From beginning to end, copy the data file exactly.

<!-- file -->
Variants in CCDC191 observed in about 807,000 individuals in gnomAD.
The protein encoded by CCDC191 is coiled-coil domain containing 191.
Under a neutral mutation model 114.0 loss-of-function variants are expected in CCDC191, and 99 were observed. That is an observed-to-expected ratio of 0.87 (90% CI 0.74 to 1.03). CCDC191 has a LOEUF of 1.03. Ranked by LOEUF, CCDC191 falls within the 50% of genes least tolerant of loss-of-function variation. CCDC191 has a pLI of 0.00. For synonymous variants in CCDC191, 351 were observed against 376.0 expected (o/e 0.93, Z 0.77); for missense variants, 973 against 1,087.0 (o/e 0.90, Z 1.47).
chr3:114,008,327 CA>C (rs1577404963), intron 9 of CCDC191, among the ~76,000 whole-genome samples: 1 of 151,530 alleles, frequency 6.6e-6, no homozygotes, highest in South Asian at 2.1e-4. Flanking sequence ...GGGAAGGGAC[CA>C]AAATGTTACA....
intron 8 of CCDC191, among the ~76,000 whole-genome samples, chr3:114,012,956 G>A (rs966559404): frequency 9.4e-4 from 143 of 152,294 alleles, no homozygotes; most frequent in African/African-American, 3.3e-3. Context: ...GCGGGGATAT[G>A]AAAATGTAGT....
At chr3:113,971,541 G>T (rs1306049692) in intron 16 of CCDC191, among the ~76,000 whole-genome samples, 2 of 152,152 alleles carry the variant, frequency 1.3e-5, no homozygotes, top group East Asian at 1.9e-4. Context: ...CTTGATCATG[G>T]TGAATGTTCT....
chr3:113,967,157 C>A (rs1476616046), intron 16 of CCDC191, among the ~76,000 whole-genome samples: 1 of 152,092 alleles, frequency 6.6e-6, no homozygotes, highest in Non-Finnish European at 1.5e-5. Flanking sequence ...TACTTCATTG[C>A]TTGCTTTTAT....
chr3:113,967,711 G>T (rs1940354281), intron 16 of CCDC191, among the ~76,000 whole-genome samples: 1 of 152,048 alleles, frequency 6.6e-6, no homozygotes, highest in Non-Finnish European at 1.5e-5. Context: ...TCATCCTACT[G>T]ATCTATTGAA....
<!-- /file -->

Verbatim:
Variants in CCDC191 observed in about 807,000 individuals in gnomAD.
The protein encoded by CCDC191 is coiled-coil domain containing 191.
Under a neutral mutation model 114.0 loss-of-function variants are expected in CCDC191, and 99 were observed. That is an observed-to-expected ratio of 0.87 (90% CI 0.74 to 1.03). CCDC191 has a LOEUF of 1.03. Ranked by LOEUF, CCDC191 falls within the 50% of genes least tolerant of loss-of-function variation. CCDC191 has a pLI of 0.00. For synonymous variants in CCDC191, 351 were observed against 376.0 expected (o/e 0.93, Z 0.77); for missense variants, 973 against 1,087.0 (o/e 0.90, Z 1.47).
chr3:114,008,327 CA>C (rs1577404963), intron 9 of CCDC191, among the ~76,000 whole-genome samples: 1 of 151,530 alleles, frequency 6.6e-6, no homozygotes, highest in South Asian at 2.1e-4. Flanking sequence ...GGGAAGGGAC[CA>C]AAATGTTACA....
intron 8 of CCDC191, among the ~76,000 whole-genome samples, chr3:114,012,956 G>A (rs966559404): frequency 9.4e-4 from 143 of 152,294 alleles, no homozygotes; most frequent in African/African-American, 3.3e-3. Context: ...GCGGGGATAT[G>A]AAAATGTAGT....
At chr3:113,971,541 G>T (rs1306049692) in intron 16 of CCDC191, among the ~76,000 whole-genome samples, 2 of 152,152 alleles carry the variant, frequency 1.3e-5, no homozygotes, top group East Asian at 1.9e-4. Context: ...CTTGATCATG[G>T]TGAATGTTCT....
chr3:113,967,157 C>A (rs1476616046), intron 16 of CCDC191, among the ~76,000 whole-genome samples: 1 of 152,092 alleles, frequency 6.6e-6, no homozygotes, highest in Non-Finnish European at 1.5e-5. Flanking sequence ...TACTTCATTG[C>A]TTGCTTTTAT....
chr3:113,967,711 G>T (rs1940354281), intron 16 of CCDC191, among the ~76,000 whole-genome samples: 1 of 152,048 alleles, frequency 6.6e-6, no homozygotes, highest in Non-Finnish European at 1.5e-5. Context: ...TCATCCTACT[G>T]ATCTATTGAA....